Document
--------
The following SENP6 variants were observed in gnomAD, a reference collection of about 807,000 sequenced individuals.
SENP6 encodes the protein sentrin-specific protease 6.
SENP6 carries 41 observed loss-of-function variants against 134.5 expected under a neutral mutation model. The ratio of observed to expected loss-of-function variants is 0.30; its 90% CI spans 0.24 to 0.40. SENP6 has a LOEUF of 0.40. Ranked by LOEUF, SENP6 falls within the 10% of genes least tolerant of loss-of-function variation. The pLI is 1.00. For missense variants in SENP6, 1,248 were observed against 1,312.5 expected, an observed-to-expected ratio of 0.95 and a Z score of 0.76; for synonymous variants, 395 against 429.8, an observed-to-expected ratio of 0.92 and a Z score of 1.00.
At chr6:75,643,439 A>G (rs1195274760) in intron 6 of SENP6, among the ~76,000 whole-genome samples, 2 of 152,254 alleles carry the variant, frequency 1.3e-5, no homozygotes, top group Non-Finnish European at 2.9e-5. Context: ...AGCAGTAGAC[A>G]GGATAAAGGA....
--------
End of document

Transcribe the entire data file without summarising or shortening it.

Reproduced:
The following SENP6 variants were observed in gnomAD, a reference collection of about 807,000 sequenced individuals.
SENP6 encodes the protein sentrin-specific protease 6.
SENP6 carries 41 observed loss-of-function variants against 134.5 expected under a neutral mutation model. The ratio of observed to expected loss-of-function variants is 0.30; its 90% CI spans 0.24 to 0.40. SENP6 has a LOEUF of 0.40. Ranked by LOEUF, SENP6 falls within the 10% of genes least tolerant of loss-of-function variation. The pLI is 1.00. For missense variants in SENP6, 1,248 were observed against 1,312.5 expected, an observed-to-expected ratio of 0.95 and a Z score of 0.76; for synonymous variants, 395 against 429.8, an observed-to-expected ratio of 0.92 and a Z score of 1.00.
At chr6:75,643,439 A>G (rs1195274760) in intron 6 of SENP6, among the ~76,000 whole-genome samples, 2 of 152,254 alleles carry the variant, frequency 1.3e-5, no homozygotes, top group Non-Finnish European at 2.9e-5. Context: ...AGCAGTAGAC[A>G]GGATAAAGGA....